Keep the Midlands Beautiful wants to remind you that it is easy to be environmentally friendly this time of year.
A few tips:
-Use smaller bulbs, or even better, LED bulbs. LED bulbs use less energy and are long lasting and safer because they burn cool instead of warm.
-Recycle your live Christmas tree through the Grinding of the Greens Christmas tree recycling program.
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-Decorate naturally. Make a centerpiece of fruits, vegetables or nuts. Decorate your home with holly, berries, fruits and nuts, which can all be composted.
-Use a timer on house and tree lights to avoid keeping them on all night.
-Look for gifts made from recycled materials.
-Give homemade goodies in a tin, jar or basket that can be reused. Homemade crafts or framed photographs also are good ideas.
-Buy local and organic, use reusable plates and napkins, and compost your food waste.
-When doing your holiday shopping, bring your own canvas, plastic or paper shopping bags and/or consolidate your purchases into one bag.
-Reuse packing containers and shipping materials such as peanuts, shredded newspaper and bubble wrap.
You can still tour some historic homes for a glimpse of an old-time Christmas.
Historic Columbia's house museums are decorated for the holidays and open through Jan. 3. Tours of the Robert Mills House, Hampton-Preston Mansion or Mann-Simons Cottage are avail-able 10 a.m.-4 p.m. Tuesday through Saturday and 1-5 p.m. Sunday at the top of every hour.
Tickets are $6 for adults and $3 for youth. Call for group rates. For more information or to schedule group tours or tours by reservation, call (803) 252-1770, ext. 24. historiccolumbia.org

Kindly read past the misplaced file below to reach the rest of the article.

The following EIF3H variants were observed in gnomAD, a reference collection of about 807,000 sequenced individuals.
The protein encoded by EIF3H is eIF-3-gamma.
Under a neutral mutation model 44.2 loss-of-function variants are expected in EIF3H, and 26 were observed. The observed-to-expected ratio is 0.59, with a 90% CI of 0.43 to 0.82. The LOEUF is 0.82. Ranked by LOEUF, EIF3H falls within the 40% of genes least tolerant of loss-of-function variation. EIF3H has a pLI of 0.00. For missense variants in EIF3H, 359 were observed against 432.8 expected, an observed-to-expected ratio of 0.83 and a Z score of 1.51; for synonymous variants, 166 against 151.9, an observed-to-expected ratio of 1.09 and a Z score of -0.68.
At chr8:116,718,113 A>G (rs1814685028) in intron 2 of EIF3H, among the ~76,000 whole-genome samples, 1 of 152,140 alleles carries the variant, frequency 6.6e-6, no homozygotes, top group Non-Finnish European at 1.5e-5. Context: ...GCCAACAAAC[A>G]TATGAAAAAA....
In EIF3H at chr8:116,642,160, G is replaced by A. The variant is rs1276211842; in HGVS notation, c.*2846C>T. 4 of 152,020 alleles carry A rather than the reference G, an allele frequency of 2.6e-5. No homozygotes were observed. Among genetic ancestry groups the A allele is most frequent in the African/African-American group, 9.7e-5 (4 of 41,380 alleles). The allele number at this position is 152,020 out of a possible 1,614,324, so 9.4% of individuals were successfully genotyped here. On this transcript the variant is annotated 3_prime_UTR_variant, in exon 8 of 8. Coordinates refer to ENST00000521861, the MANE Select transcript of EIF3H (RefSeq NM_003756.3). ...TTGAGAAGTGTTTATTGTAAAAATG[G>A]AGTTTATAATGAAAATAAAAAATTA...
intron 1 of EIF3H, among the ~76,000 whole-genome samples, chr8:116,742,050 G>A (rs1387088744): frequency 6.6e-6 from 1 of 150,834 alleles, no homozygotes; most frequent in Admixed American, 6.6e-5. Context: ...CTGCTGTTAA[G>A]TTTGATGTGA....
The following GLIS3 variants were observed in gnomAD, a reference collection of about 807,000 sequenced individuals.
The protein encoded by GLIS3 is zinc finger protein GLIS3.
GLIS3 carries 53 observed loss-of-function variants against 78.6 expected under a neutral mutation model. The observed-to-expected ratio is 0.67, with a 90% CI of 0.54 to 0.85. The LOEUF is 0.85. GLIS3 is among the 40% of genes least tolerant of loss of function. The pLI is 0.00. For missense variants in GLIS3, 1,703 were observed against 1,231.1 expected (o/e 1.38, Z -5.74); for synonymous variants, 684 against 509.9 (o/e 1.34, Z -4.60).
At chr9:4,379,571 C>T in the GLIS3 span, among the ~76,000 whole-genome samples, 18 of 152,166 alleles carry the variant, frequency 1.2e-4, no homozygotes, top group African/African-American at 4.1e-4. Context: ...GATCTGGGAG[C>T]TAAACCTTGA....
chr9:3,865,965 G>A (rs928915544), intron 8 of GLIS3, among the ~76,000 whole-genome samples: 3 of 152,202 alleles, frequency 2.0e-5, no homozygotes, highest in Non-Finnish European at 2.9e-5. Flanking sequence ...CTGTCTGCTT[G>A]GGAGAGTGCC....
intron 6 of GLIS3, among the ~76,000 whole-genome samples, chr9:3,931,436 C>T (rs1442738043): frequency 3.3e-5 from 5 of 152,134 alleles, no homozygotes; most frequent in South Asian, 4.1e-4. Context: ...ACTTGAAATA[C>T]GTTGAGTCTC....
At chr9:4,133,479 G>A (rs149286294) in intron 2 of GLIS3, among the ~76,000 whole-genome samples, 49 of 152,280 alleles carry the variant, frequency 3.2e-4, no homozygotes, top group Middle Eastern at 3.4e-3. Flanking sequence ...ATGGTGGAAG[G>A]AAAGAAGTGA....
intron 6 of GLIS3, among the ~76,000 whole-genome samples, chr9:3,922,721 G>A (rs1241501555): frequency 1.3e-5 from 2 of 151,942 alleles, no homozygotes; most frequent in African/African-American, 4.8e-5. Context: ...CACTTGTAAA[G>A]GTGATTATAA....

In Eastover, tours of the decorated 1850s Kensington Mansion are held at 9:30 and 11 a.m. and 1 and 2:30 p.m. Thursdays through Saturdays this month. The mansion is at U.S. 601 at S.C. 764. Tickets are $5.50 for adults, $4.50 for seniors, $2.50 for children 10 and older. For information, call (803) 353-0456 or go to kensingtonmansion.org.
CHRISTMAS TREE TIPS
Are you a late Christmas tree shopper?
Here's how to select a fresh tree: Gently hold a branch between your thumb and forefinger and pull it toward you. Very few needles should come off in your hand if the tree is fresh.
You also can shake or bounce the tree on its stump. You should not see a lot of green needles fall to the ground, though interior brown ones probably will.
When you bring a tree into the house, put it in as cool a spot as possible. Avoid areas near fireplaces, wood-burning stoves, heat ducts and television sets. Make sure the tree stand's reservoir stays filled with water. If it loses enough water that the bottom of the trunk is exposed, the trunk will need to be recut.
Adding aspirin, copper pennies, soda pop, sugar or bleach to the water has not been shown to prolong the life of a tree.